Today is International Day of the Girl—Here’s How to Take Action Against Period Poverty

Every 28 or so days, a period ushers in the start of a menstrual cycle. While for many women this means popping a painkiller and remembering to pack an extra pad, tampon, or reusable menstrual cup while heading out—an overwhelming 20 percent of women in the U.S. alone lack access to these basic period care products. In the student population, close to 23 percent go without appropriate care while menstruating.

Around the world, this number skyrockets to hundreds of millions of people who have to call in sick at work, or skip school, or otherwise hole in at home because they simply cannot afford menstrual hygiene products on their period.

Period poverty is a global challenge, one that requires wider awareness and immediate attention. 

What is Period Poverty?

Period poverty occurs when women have limited, or no access to hygienic menstrual products. To get by, women and girls experiencing this poverty will often repeat single-use products like tampons or pads. Other times, they may resort to unhygienic and even unsafe materials like rags or even sawdust to manage their periods.

Because period poverty can result in poor menstrual hygiene, there is an increased risk of contracting a UTI or reproductive infection when unsafe methods are used for managing periods. 

Even worse, period poverty is often compounded by the stigma around this natural process. Communities exist where menstruating girls and women are banished to period huts and warned against socializing. They may even be prevented from eating particular foods.

Period poverty is an expensive status quo to maintain. Girls and women around the world bear the high cost of increased health risks, missed classes at school, and reduced access to opportunities for a few days every month of the year. This fact can no longer be downplayed or ignored.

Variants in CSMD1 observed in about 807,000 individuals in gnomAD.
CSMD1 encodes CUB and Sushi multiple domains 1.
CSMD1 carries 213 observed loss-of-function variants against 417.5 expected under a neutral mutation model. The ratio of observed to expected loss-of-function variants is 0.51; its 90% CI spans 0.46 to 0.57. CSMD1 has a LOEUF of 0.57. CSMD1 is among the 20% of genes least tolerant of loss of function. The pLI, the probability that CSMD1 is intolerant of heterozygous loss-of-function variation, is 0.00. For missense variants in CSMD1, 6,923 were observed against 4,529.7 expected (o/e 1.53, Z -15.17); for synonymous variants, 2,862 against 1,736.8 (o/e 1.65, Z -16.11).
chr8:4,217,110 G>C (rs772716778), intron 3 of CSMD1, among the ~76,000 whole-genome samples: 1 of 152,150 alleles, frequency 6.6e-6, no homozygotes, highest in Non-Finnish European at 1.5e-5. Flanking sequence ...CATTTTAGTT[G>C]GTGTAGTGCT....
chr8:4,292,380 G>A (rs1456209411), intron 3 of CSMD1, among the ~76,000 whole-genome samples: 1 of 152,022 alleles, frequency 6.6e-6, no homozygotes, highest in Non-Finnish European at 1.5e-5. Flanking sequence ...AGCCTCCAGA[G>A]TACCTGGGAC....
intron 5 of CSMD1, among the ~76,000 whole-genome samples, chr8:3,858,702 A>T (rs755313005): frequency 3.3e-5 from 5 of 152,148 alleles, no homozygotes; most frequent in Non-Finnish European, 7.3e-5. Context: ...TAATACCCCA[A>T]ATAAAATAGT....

Effects of Period Poverty

The dangers of living in period poverty are multifaceted. For women that reside in areas where even toilet facilities are scarce—there is a high risk of experiencing sexual violence while making use of shared, or poorly guarded amenities. 

Students in countries like Kenya have reported having to trade sex in exchange for sanitary pads they otherwise cannot afford.

Wealthy countries like the U.K. have also recorded an alarming 1 in 10 students who miss school because of limited access to sanitary products. This number spikes in the U.S., with around 1 in 4 students missing school because of insufficient period hygiene products.

Beyond the physical and academic toll of period poverty, however, women and girls are also exposed to the mental health challenges of managing periods with limited resources. 

These challenges are a mix of shame and embarrassment, which over time can give way to depression and anxiety.

In daily life, the month-to-month strain of period poverty may also affect participation and involvement at school, work, or even routine activities.

What We’re Doing to Help

To contribute towards making period poverty a thing of the past, Cora is joining forces with IPSY. Together, we’ll be donating 200,000 period packs to PERIOD., the nonprofit we can all thank for Period Action Day.

The goal of the day is to end period poverty, especially in the Black and Latinx communities. 

On October 9th, Cora will be donating 200,000 period products to make sure women and girls within the Black and Latinx community are properly covered the next time their period courses through.

Team IPSY will contribute 10,000 Glam bags and thousands of beauty products in support of Period Action Day. The Glam Bags will provide period and personal care items, with each containing 10 period supplies and 5 beauty products for a person in need.

How You Can Help

To pull millions of girls and women out of period poverty, every helping hand is welcome. One way you can lend support is to take stock of empty bags, and extra period supplies you might have lying about. 

What you recover can make up a period supply kit for a person in need. You can donate these items to a local shelter or food pantry that will make sure a girl, woman, or person menstruating doesn’t have to go without the right supplies.

If you’re set to help reduce period poverty, visit periodactionday.org or contact PERIOD. at service@period.org to learn how to get involved in Period Action Day, and find service partners near you.

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